Last week I upgraded to the 10.4 ("Tiger") version of Mac OS X, and I've been getting acquainted with its new features. The headline attractions are Spotlight (for search), Dashboard (for lightweight applications), and Automator (for scripting). Although I'm happy to have them, none seems likely to make me wildly more productive. That's not entirely Apple's fault, though. As the boundaries between desktop systems and the network continue to blur, it gets harder to deliver value purely in the form of OS or application upgrades.
Consider Spotlight, OS X's new search engine. It works so quickly that, while composing this sentence, I was able to search for "so quickly" and find the file I was in the midst of writing. Other aspects of Spotlight are less compelling, however. The advanced query syntax should be more accessible and better documented. Search results should embed the found words in contextual wrappers.
Even with such improvements, Spotlight wouldn't be indispensable to me. As I noted back in January, desktop search feels like an anachronism in 2005. Increasingly, my data lives in the network. There, it's searchable in the same way from any of the various machines I regularly use. And when I choose to make it so, it's also visible to colleagues or to the Web's aggregation engines. Enhancing these tasks will matter much more to me in the coming months and years than indexing my local hard drives will. [Full story at InfoWorld.com]
In fairness, I'm only a part-time resident of OS X. According to Phil Windley, who lives there fulltime, Spotlight has been more transformative "than anything I can remember since I first started using X Windows 18 years ago." He adds:
Spotlight is more tightly integrated into the OS than something like Google's desktop search since the OS ensures that every data operation automatically updates the index. [Technometria: Where's my stuff?]
Such close observation of our activities is, arguably, the ultimate challenge for all personal operating systems. Transactions with the file system are only one of several crucial spheres of observation. Others include transactions with specialized datastores (e.g., the Windows registry), with the network, and with the user interface. A software probe stationed in each of these realms would see a stream of events. And today it's far more practical to record and analyze lots of those events than it was back in 1995, when the Win32 event log API was jettisoned from Windows 95 to streamline the OS for that era's 4MB boxes. Now, detailed event logging seems like a great way to spend our local surplus of cycles and storage.
At the end of this week's column, in the context of Apple's Automator, I suggest we should be using such event data to make our systems far more adaptive. On both Windows and OS X, for example, I often switch to an alternate view in the Open File dialog. That's clearly my preference, but these systems never seem to notice or to react helpfully.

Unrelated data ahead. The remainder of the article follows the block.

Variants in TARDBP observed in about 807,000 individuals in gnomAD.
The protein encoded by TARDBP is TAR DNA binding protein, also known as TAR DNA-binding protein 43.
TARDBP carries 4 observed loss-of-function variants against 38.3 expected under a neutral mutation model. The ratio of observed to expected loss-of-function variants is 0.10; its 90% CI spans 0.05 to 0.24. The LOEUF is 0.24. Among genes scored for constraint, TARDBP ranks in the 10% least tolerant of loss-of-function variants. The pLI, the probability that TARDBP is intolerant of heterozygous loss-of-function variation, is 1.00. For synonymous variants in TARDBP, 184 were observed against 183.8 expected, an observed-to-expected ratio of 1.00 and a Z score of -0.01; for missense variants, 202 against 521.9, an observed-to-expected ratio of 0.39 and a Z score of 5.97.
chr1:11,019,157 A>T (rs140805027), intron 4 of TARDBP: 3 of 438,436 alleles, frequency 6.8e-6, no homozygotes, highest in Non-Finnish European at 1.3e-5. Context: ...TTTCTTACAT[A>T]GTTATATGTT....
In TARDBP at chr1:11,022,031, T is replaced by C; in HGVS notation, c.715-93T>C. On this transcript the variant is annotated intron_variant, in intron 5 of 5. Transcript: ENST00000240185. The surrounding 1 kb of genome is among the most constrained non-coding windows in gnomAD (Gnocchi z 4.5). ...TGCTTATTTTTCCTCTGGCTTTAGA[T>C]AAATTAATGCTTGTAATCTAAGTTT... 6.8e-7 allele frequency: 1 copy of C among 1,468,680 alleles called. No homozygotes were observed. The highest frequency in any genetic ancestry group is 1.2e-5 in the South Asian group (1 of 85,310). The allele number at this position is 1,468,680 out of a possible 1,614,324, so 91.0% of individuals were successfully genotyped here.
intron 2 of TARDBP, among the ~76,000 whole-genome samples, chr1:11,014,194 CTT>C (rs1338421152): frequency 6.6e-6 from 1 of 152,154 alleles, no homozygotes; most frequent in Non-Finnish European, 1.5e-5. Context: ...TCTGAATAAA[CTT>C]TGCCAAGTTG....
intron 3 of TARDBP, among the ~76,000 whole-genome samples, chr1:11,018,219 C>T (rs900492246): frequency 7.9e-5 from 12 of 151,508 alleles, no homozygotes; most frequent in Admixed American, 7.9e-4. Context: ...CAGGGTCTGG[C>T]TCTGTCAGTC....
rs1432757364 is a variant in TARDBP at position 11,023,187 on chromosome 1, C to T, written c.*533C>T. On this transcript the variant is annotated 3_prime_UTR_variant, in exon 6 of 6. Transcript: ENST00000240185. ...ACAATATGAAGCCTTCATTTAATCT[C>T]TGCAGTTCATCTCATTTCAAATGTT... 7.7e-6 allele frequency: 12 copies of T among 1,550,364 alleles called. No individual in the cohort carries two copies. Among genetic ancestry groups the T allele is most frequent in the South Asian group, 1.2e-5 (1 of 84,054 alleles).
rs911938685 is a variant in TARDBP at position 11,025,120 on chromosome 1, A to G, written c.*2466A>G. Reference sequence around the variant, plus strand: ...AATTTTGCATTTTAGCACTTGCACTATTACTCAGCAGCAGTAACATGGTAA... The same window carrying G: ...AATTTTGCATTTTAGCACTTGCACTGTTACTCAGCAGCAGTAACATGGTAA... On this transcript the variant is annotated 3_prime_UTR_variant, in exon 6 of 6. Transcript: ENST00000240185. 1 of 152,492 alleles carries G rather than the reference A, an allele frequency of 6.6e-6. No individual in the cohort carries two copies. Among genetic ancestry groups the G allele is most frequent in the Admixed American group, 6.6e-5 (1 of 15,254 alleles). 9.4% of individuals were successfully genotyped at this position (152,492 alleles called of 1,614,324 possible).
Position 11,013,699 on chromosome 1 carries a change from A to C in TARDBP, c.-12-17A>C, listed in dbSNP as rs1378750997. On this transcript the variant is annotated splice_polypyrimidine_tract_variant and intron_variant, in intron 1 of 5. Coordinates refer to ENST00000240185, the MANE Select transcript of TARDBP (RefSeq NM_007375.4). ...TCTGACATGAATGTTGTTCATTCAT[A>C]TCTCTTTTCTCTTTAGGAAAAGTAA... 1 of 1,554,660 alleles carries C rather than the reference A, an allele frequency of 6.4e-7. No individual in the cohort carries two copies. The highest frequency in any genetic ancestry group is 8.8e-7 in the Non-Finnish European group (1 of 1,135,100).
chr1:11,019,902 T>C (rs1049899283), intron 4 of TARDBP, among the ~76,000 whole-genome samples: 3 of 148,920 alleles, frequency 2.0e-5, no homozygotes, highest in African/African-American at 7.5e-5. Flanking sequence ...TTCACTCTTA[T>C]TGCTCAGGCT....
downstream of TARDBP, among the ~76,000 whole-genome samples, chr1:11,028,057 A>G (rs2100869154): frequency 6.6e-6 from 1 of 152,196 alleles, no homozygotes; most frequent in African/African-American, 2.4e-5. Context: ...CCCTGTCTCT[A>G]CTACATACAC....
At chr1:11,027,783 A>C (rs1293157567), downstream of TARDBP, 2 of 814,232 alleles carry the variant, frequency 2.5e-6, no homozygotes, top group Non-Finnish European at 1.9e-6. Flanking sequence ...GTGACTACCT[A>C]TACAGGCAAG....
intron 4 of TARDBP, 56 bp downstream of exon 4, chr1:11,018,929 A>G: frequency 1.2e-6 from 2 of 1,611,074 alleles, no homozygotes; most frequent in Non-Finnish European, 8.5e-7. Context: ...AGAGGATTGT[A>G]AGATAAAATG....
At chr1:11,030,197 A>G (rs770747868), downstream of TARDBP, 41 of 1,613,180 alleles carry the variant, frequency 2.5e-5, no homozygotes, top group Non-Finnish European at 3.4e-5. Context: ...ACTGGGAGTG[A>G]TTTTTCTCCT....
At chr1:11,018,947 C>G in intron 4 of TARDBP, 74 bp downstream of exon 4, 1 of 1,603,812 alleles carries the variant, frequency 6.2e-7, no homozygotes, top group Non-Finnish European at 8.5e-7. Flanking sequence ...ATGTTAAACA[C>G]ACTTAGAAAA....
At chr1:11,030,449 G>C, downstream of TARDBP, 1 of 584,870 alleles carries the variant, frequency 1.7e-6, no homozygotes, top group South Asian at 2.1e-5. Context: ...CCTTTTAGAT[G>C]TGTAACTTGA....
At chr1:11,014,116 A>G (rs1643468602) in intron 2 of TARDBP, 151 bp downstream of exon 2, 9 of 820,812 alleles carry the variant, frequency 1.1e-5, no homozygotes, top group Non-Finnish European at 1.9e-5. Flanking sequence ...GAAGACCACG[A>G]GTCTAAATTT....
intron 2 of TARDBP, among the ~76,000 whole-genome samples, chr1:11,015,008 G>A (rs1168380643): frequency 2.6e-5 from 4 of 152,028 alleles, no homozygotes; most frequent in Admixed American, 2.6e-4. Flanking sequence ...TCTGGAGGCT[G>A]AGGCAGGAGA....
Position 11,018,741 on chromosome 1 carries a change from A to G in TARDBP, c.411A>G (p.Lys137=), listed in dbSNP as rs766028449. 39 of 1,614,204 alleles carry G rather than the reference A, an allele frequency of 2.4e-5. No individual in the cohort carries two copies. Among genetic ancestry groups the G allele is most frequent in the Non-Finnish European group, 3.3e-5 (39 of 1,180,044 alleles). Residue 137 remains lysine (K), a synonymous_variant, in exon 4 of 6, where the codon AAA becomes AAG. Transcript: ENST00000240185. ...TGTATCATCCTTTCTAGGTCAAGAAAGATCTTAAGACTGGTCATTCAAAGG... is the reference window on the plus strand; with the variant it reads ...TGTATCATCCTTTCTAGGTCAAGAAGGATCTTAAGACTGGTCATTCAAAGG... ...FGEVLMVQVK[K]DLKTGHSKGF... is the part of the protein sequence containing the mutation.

We could do all kinds of things with a rich event history. It would, for example, make local search even more useful. Finding words in files is great, but it only taps into a fraction of the power of our associative memories. Projects like David Gelernter's LifeStreams and Gordon Bell's LifeBits, which organize everything on a timeline, are exploring ways to recreate prior contexts. To do that you need a general way to represent and store events.
You also want to be able to share those events. Once my preference for viewing File Open dialogs has been adaptively learned, why shouldn't it migrate into the network and thence to any box (for extra credit: running any OS!) I happen to be using? Beyond selfish convenience, there's a vast potential here for collaboration. Teams use common applications and data, but there's no easy or natural way to pool our personal customizations of those resources. Why shouldn't systems adapt to teams as well as to individuals?
This kind of adaptive intelligence is what most people always expected of computers, and its failure to materialize accounts for their widespread dissatisfaction with the status quo. Let's suppose I'm right in thinking that event capture and analysis will be an engine of progress on this front. What infrastructure could support the various spheres of local activity and also embrace the network? I have great long-term hopes for Microsoft's push, with Indigo, to make Web-services-style messaging "the new TCP/IP" -- a standard high-performance communication layer that carries self-describing messages and is open to arbitrary kinds of intermediation either locally, or in the cloud, or both. It won't be easy to execute this stunt. But I applaud the effort, and I've got my fingers crossed.
Former URL: http://weblog.infoworld.com/udell/2005/06/15.html#a1251